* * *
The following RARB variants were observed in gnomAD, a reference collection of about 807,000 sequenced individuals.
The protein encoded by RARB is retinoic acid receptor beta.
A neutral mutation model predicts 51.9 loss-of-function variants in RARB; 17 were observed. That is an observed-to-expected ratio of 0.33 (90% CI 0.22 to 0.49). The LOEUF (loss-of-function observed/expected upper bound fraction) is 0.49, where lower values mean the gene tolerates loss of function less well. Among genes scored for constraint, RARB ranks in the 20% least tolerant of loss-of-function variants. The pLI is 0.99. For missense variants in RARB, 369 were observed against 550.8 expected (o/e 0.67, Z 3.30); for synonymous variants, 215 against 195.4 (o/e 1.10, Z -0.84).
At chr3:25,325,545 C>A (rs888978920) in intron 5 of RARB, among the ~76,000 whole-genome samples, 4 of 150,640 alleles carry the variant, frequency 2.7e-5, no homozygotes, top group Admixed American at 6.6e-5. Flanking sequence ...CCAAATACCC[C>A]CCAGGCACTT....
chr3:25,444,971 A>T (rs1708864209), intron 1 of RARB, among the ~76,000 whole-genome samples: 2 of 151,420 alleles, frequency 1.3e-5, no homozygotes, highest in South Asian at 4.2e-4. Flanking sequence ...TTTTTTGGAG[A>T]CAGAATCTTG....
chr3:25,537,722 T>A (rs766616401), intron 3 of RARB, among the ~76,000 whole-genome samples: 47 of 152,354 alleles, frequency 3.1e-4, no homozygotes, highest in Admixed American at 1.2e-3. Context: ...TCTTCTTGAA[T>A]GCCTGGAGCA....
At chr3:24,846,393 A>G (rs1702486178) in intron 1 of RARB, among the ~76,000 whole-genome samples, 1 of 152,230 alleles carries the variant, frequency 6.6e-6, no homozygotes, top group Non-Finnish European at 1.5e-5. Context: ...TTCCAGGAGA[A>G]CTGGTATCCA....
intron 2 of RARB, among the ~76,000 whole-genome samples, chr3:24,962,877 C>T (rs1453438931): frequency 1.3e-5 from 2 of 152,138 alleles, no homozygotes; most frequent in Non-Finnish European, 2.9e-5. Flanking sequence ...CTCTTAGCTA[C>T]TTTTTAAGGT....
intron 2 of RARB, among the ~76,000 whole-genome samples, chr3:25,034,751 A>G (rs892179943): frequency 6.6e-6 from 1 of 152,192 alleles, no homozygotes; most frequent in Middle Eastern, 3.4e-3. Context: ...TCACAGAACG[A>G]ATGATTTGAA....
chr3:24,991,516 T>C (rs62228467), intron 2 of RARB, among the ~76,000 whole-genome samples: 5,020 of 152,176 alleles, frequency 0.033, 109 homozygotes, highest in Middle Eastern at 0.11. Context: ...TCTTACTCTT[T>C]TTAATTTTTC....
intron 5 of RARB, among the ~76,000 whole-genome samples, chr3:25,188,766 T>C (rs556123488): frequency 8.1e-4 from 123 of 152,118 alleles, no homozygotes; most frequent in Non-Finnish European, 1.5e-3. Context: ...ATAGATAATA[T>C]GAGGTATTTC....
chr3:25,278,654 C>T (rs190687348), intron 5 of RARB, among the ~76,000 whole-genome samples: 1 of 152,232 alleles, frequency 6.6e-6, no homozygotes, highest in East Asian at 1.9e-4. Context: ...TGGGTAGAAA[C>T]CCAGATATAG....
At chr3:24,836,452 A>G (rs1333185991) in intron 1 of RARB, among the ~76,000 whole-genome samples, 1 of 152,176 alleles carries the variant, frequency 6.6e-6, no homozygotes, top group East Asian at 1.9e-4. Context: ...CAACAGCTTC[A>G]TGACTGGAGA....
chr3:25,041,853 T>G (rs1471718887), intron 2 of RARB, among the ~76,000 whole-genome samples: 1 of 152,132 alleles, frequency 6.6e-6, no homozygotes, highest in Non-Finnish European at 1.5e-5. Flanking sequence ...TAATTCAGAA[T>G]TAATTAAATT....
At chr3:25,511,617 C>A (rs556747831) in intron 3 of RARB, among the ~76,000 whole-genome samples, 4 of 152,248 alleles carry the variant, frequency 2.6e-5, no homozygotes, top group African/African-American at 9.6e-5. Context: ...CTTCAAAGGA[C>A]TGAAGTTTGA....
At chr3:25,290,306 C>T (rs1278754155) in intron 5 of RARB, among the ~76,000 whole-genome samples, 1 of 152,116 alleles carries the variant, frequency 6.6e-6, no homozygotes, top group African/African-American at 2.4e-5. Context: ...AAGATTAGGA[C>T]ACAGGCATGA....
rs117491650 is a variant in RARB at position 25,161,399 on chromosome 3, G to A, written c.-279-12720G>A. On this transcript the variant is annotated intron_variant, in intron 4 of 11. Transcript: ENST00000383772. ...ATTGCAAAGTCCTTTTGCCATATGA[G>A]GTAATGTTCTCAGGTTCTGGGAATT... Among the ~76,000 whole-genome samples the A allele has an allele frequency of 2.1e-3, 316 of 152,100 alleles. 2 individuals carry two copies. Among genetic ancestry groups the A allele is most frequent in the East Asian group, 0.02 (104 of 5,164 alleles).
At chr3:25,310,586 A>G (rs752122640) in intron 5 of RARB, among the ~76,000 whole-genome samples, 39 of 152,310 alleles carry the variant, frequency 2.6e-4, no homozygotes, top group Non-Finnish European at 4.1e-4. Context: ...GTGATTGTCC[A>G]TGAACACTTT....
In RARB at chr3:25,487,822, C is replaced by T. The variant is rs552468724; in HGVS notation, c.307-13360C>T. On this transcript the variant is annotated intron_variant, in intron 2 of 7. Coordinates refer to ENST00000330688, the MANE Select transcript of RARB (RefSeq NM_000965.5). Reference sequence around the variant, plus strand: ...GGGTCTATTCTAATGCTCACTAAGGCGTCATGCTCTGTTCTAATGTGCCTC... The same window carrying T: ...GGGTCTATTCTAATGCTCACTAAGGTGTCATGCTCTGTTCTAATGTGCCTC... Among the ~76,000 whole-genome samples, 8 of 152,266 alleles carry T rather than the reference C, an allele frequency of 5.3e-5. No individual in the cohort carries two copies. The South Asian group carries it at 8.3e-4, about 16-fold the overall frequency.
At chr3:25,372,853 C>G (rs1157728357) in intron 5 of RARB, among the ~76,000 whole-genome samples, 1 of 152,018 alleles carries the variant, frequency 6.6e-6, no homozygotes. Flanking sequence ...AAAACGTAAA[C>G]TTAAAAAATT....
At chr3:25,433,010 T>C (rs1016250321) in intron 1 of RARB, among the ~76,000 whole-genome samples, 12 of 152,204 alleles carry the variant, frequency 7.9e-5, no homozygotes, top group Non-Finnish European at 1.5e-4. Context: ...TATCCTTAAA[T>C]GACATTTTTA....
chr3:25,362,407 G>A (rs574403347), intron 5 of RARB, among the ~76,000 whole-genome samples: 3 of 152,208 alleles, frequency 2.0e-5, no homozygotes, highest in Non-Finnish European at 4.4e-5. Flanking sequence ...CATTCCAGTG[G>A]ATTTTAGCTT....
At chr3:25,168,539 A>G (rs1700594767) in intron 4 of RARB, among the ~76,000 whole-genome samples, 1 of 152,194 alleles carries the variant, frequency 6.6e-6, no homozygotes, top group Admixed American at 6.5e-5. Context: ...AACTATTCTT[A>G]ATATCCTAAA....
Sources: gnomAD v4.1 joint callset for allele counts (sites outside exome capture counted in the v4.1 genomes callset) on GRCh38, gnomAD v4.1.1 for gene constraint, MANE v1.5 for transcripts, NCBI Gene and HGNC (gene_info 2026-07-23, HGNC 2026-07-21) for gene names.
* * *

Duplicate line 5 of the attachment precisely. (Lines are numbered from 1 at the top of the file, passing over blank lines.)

chr3:25,444,971 A>T (rs1708864209), intron 1 of RARB, among the ~76,000 whole-genome samples: 2 of 151,420 alleles, frequency 1.3e-5, no homozygotes, highest in South Asian at 4.2e-4. Flanking sequence ...TTTTTTGGAG[A>T]CAGAATCTTG....